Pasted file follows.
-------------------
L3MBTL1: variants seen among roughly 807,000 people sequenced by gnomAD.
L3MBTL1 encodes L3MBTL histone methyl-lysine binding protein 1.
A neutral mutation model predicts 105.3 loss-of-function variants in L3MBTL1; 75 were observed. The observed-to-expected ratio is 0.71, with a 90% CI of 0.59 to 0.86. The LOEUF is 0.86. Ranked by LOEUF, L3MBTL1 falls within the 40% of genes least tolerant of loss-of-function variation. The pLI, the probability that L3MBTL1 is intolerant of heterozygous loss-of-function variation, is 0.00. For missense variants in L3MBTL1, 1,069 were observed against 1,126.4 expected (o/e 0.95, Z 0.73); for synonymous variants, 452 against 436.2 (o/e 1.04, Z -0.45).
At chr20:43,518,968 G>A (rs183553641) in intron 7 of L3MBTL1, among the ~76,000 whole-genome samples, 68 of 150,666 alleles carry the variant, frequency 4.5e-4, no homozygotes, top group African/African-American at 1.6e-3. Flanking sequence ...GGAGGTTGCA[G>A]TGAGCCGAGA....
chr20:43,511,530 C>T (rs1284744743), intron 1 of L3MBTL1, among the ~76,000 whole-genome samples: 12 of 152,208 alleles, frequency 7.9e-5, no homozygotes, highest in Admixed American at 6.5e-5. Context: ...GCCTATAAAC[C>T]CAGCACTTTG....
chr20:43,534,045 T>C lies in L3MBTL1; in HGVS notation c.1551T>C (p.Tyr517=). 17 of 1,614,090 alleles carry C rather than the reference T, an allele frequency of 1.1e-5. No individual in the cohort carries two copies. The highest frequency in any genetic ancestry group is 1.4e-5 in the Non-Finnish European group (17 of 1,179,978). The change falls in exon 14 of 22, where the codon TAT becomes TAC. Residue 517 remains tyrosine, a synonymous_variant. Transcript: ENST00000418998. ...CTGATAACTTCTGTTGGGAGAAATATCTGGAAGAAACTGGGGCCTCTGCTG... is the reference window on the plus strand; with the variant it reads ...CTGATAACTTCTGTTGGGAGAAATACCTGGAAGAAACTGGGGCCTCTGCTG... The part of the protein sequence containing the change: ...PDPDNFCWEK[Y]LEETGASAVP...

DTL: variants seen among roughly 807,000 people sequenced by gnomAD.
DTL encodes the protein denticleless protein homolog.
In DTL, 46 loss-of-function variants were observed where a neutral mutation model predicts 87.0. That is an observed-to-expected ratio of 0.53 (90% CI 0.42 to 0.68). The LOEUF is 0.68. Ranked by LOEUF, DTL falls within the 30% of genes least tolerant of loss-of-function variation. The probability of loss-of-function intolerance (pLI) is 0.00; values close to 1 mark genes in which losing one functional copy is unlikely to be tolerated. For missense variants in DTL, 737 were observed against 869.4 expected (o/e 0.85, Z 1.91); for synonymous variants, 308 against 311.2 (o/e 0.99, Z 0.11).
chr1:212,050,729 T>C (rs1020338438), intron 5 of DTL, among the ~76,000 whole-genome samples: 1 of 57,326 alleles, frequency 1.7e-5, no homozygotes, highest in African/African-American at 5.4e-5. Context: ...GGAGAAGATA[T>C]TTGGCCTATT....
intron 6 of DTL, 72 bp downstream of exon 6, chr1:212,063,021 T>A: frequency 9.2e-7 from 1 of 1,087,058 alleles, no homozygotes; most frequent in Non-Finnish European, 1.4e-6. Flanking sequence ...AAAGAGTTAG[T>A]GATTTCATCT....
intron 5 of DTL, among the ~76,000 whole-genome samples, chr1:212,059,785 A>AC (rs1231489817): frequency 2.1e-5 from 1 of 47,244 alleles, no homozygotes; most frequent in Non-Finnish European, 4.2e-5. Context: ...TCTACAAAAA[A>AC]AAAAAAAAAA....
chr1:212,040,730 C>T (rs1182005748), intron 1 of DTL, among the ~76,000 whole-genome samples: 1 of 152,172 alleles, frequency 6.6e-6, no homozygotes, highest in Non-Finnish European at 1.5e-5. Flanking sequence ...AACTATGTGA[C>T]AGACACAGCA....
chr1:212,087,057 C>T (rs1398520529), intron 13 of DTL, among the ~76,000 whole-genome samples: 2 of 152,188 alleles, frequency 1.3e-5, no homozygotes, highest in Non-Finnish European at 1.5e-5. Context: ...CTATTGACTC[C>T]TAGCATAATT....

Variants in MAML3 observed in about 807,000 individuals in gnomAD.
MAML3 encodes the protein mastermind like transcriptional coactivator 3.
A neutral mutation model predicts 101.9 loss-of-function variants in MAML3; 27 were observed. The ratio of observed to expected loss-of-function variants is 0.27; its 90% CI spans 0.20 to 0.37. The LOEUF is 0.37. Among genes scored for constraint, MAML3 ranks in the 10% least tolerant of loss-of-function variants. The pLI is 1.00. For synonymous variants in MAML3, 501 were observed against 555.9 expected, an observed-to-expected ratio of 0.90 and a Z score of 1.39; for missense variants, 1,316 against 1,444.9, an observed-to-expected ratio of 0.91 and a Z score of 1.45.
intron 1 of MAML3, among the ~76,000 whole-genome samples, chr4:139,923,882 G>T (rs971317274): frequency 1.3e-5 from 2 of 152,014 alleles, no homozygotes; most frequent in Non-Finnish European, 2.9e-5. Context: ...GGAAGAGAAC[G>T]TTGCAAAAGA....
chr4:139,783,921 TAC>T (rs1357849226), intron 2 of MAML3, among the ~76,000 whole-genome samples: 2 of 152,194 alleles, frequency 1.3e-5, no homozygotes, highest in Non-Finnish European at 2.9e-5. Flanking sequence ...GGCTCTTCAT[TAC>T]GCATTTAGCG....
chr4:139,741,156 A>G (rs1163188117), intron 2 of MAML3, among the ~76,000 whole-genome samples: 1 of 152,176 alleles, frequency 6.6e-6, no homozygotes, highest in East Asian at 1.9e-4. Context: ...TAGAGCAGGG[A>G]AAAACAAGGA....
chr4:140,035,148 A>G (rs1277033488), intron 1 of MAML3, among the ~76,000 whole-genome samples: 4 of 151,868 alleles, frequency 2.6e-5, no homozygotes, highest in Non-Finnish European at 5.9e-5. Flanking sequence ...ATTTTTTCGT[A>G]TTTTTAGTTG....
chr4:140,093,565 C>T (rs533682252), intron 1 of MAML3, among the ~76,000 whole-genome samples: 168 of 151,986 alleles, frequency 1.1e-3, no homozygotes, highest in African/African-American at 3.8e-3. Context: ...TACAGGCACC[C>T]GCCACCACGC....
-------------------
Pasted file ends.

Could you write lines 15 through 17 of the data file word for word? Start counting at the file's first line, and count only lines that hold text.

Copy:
Variants in MAML3 observed in about 807,000 individuals in gnomAD.
MAML3 encodes the protein mastermind like transcriptional coactivator 3.
A neutral mutation model predicts 101.9 loss-of-function variants in MAML3; 27 were observed. The ratio of observed to expected loss-of-function variants is 0.27; its 90% CI spans 0.20 to 0.37. The LOEUF is 0.37. Among genes scored for constraint, MAML3 ranks in the 10% least tolerant of loss-of-function variants. The pLI is 1.00. For synonymous variants in MAML3, 501 were observed against 555.9 expected, an observed-to-expected ratio of 0.90 and a Z score of 1.39; for missense variants, 1,316 against 1,444.9, an observed-to-expected ratio of 0.91 and a Z score of 1.45.